Politico acknowledges RT’s online clout
The European newsroom of Politico, the Washington-based digital news website, appears to be perturbed by the online footprint of what it dubbed “Kremlin-backed accounts,” particularly those run by RT and Sputnik, which, it has found, have “an oversized digital reach.”
Politico expressed veiled concern with the competition on Monday in a story about purported Russian propaganda and its employment of the Middle East conflict to boost anti-Western sentiments around the world.
“Collectively, these companies boast millions of followers in Europe, Latin America, and Africa, even though the EU has imposed sanctions on their broadcast and social media operations,” the report noted, referring to the RT and Sputnik platforms.
The US and its allies have been trying to undermine Russian messaging for years. After the Ukraine conflict escalated into open hostilities last year, Washington pressured RT’s sister channel in the US to shut down, while Brussels prohibited social media from showing posts by RT to users in the EU.
Earlier this month, Luxembourg’s Tageblatt newspaper urged tougher restrictions for Russian media, arguing that Europeans had many ways to bypass government censorship, resulting in “pro-Russian narratives” remaining popular among audiences.
Some Western officials have complained about Russian digital reach too. Gen. Laura Richardson, the commander of United States Southern Command, said last month that Washington should “do better” in the “informational domain” in Latin America, where she believes more funding of pro-Western narratives is required.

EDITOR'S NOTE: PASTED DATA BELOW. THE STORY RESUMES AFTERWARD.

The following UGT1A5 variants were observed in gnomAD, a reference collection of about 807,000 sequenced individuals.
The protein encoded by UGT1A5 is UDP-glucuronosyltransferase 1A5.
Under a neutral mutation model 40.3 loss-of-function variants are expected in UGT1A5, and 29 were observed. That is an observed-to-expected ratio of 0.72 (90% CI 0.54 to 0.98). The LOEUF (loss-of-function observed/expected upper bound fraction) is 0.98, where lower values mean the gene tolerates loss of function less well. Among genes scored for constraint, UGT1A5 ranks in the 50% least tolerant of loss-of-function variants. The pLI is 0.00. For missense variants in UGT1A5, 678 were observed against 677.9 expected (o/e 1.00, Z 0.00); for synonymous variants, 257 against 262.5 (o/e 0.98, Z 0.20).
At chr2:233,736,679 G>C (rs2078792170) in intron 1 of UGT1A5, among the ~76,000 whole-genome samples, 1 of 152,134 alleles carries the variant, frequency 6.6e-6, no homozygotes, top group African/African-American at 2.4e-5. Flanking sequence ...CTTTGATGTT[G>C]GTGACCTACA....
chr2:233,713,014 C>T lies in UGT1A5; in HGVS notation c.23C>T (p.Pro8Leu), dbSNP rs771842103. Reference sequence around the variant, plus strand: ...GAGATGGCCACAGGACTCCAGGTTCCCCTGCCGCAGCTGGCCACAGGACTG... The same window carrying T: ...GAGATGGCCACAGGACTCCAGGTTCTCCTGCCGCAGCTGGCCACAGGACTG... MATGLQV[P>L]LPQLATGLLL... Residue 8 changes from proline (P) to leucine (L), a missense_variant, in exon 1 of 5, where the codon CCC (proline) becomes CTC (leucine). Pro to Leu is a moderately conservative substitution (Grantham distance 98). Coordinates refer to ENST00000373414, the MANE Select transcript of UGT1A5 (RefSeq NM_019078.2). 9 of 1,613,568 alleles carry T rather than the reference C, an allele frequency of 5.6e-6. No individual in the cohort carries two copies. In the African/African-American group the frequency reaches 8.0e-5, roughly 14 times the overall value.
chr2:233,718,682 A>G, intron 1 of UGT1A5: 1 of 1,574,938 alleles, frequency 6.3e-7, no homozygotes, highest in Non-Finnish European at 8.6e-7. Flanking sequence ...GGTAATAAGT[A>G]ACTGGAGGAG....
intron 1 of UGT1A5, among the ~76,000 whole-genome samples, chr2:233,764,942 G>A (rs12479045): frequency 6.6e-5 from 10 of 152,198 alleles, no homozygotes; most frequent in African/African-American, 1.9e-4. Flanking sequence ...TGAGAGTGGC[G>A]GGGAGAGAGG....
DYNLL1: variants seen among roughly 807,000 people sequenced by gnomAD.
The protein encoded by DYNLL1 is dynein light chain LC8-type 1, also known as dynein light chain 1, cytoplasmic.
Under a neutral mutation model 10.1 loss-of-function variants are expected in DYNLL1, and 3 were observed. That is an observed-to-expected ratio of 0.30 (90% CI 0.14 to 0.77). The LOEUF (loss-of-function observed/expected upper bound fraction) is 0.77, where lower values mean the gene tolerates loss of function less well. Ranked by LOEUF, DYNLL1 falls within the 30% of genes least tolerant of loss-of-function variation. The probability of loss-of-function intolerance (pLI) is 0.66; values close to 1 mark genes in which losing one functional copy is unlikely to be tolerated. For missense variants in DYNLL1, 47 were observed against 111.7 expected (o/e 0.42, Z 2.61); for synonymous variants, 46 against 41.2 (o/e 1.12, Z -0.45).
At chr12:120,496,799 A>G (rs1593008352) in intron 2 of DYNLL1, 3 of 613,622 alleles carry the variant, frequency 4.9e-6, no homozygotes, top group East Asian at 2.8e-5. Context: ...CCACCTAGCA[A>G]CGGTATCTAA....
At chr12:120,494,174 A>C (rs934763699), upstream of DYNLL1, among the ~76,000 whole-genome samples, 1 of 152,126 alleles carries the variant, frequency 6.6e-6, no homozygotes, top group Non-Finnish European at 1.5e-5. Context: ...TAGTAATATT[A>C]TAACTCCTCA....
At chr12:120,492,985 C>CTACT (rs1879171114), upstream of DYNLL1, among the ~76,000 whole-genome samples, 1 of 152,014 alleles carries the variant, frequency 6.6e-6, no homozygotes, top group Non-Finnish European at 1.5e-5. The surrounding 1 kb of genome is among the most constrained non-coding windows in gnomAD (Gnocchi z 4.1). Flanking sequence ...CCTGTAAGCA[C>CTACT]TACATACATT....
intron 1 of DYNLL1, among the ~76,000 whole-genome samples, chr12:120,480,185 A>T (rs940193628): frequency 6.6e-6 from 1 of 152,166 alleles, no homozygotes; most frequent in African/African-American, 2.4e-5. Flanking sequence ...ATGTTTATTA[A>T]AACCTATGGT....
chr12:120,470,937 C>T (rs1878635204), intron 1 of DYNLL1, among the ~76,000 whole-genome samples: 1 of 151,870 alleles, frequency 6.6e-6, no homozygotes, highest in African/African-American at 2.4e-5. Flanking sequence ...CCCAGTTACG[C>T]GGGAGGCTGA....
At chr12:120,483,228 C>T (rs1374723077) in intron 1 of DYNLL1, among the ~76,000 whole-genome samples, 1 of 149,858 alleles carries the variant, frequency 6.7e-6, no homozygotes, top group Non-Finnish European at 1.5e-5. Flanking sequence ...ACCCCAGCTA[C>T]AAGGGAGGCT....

Politico’s piece was largely based on data about Russian online messaging provided by the Alliance for Securing Democracy (ASD), the American think tank behind the infamous ‘Hamilton 68 Dashboard’. Launched in 2017, the digital tool purported to show in real time “disinformation” being pushed online by Moscow, based on monitoring of an undisclosed set of social media accounts.
The tool was revealed to be bogus by Twitter Files, a series of leaks of internal Twitter (now X) documents sanctioned by Elon Musk, after he purchased the company last year. Journalist Matt Taibbi reported reverse-engineering the secret list of approximately 600 “pro-Russian” accounts, which he said included “mostly real, mostly American accounts.” Western media reporting ASD claims misrepresented them as “Russian bots.”
Hamilton 2.0 comes with a disclaimer that it would be incorrect to “label anyone or anything that appears on the dashboard as being connected to state-backed propaganda” without additional analysis.